Mayors’ Council votes to proceed with planning for Surrey SkyTrain extension
The Surrey SkyTrain took another step towards becoming a reality at the TransLink Mayors’ Council meeting on Thursday, despite its total funding still considered up in the air.
The mayors voted to allow TransLink staff to proceed with planning and project development for the project, which would see a 16-kilometre Expo Line extension to Langley.
The work plan that was approved projects at least part of the extension could be up and running by 2025.
That plan includes 11 steps of pre-construction work to be completed over the next 15 months, including confirming the design and construction requirements, along with conducting environmental reviews and updating the total cost of the project.
Despite the tight time frame, TransLink staff told the mayors that the work plan was “doable.”
WATCH: Coverage of the Surrey SkyTrain on Globalnews.ca
Several mayors expressed concern over the switch to SkyTrain and the costs that could be left for the City of Langley to potentially cover.
In response to questions from members, including Richmond Mayor Malcom Brodie, of whether the majority of residents wanted the change, Surrey Mayor Doug McCallum said 80 per cent of people in Surrey wanted SkyTrain, calling the recent civic election a “referendum” on LRT.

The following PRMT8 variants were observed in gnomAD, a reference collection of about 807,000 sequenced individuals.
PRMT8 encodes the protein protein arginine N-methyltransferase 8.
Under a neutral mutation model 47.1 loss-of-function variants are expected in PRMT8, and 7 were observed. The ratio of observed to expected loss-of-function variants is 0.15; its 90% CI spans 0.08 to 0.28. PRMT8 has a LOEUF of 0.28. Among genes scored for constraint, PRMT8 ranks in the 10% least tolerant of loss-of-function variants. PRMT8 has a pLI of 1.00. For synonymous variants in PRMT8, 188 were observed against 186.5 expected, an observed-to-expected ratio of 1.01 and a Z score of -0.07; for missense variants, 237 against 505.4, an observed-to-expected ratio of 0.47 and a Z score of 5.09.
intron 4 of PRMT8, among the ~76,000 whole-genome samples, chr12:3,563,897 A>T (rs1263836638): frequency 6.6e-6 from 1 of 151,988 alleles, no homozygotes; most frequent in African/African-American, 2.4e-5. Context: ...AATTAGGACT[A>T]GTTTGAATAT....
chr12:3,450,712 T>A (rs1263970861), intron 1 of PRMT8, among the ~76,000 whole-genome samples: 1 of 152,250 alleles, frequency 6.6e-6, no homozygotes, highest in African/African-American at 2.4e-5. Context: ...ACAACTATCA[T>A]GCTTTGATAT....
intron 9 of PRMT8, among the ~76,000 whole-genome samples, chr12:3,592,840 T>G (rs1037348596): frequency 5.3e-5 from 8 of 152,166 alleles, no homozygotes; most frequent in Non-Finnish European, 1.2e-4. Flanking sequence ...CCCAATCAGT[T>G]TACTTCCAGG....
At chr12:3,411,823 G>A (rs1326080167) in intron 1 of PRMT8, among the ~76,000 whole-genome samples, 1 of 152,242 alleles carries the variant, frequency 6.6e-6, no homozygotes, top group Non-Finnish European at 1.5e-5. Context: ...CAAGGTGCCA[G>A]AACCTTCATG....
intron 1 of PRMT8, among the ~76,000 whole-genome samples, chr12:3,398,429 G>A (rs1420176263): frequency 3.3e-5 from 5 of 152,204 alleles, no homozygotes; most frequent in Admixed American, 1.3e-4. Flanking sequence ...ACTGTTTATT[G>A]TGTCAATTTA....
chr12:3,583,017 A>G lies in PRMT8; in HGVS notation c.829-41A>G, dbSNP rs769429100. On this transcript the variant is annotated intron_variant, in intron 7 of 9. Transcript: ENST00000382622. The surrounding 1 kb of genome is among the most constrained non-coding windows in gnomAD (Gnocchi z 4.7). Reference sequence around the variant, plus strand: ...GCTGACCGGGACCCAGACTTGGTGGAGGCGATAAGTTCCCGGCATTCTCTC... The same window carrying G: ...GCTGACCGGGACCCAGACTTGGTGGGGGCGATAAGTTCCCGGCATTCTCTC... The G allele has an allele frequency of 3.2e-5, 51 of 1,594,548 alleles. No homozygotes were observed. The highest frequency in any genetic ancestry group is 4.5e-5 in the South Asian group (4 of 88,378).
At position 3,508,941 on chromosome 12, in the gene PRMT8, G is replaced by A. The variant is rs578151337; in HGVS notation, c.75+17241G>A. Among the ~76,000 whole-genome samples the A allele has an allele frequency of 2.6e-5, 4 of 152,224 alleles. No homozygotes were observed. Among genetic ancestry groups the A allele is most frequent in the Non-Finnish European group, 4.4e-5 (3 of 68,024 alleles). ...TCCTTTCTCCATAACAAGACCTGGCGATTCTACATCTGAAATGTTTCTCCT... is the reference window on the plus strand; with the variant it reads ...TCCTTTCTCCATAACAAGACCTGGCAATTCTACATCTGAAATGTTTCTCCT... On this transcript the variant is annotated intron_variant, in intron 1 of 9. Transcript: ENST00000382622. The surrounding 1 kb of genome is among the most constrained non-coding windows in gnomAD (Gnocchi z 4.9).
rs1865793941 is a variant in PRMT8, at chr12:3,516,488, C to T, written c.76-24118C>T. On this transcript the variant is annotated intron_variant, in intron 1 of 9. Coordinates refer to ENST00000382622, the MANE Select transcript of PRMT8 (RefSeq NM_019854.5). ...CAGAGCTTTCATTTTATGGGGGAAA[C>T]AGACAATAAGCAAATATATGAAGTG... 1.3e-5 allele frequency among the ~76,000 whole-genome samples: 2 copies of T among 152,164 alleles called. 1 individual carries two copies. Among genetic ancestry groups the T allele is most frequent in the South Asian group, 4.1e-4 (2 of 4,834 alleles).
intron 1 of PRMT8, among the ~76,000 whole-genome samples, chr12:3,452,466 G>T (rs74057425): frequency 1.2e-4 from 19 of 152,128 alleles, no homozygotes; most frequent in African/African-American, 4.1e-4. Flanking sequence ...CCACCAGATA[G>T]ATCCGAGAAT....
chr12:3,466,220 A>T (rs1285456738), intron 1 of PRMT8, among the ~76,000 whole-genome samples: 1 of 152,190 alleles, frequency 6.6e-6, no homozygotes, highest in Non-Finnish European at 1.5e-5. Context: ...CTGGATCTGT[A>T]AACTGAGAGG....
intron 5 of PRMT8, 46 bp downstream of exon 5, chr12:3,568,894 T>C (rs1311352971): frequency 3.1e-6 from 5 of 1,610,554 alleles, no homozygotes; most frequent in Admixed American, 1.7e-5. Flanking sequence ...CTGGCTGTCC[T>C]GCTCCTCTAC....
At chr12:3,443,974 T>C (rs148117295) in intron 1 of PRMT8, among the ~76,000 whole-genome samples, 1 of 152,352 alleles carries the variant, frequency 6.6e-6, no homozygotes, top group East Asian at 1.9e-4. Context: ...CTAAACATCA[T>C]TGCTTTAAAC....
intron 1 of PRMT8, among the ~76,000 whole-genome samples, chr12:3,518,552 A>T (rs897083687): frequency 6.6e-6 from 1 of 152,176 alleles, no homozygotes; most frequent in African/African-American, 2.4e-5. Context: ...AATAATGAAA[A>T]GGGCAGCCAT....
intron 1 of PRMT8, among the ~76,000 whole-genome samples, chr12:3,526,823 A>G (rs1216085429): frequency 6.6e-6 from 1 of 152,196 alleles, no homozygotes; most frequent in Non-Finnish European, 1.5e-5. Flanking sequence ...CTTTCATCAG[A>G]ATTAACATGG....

McCallum has continued to insist the SkyTrain can be built with the $1.6 billion set aside for the Surrey LRT. At Thursday’s meeting, TransLink staff said they stand behind their previous estimate of $2.9 billion.
Premier John Horgan said Thursday that the funding model put in place by the province to cover their portion of the LRT wouldn’t change if it switches to SkyTrain, adding Surrey would only be able to build half as far as they are planning under the current model.
WATCH: John Horgan comments on Surrey SkyTrain expansion plan and provincial funding for project
That would mean the extension would only go as far as Fleetwood, which mayors said would make no sense as there’s no development in the surrounding area that would support having a terminus station built there.
Suggestions to send the motion back to TransLink staff to determine alternative sources of revenue to cover the remaining $1 billion needed to build all the way to Langley were shut down by council chair and New Westminster Mayor Jonathan Cote, who called it out of order.
The cost of switching from an LRT service along the Fraser Highway to SkyTrain has not yet been set in stone, but the work plan presented to the Mayors’ Council Thursday sets aside $30 million for pre-design work.
It also pointed out $56 million has already been spent on the Surrey LRT project to date, which Township of Langley Mayor Jack Froese said needs to be dealt with.
Brodie introduced an amendment calling on Surrey to pay that $56 million itself, citing the public consultation and approvals that were in place before McCallum started moving towards SkyTrain. The other mayors agreed, but only if a specific price tag was taken out.
The 16-kilometre elevated line would have eight stations plus one future station and 55 SkyTrain cars, according to the document.
The plan will now go to the TransLink board for approval. Staff will then start implementing the work plan and report back on their progress in January.
—With files from Janet Brown, Robyn Crawford and Richard Zussman
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